Here you will find the Poem True Diffidence of poet William Schwenck Gilbert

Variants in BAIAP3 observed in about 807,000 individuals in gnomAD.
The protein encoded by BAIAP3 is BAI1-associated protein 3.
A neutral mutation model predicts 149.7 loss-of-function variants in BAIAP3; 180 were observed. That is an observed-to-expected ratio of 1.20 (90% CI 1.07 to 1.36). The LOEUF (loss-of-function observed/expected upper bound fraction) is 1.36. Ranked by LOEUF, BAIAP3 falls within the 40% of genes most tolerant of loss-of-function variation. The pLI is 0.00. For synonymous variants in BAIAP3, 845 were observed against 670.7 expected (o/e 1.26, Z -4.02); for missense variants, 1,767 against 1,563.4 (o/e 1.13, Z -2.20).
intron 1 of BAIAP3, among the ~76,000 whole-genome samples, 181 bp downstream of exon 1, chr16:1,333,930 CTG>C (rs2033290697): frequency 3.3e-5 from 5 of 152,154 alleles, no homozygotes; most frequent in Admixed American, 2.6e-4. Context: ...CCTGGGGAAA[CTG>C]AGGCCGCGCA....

My boy, you may take it from me, That of all the afflictions accurst With which a man's saddled And hampered and addled, A diffident nature's the worst. Though clever as clever can be - A Crichton of early romance - You must stir it and stump it, And blow your own trumpet, Or, trust me, you haven't a chance. Now take, for example, MY case: I've a bright intellectual brain - In all London city There's no one so witty - I've thought so again and again. I've a highly intelligent face - My features cannot be denied - But, whatever I try, sir, I fail in - and why, sir? I'm modesty personified! As a poet, I'm tender and quaint - I've passion and fervour and grace - From Ovid and Horace To Swinburne and Morris, They all of them take a back place. Then I sing and I play and I paint; Though none are accomplished as I, To say so were treason: You ask me the reason? I'm diffident, modest, and shy!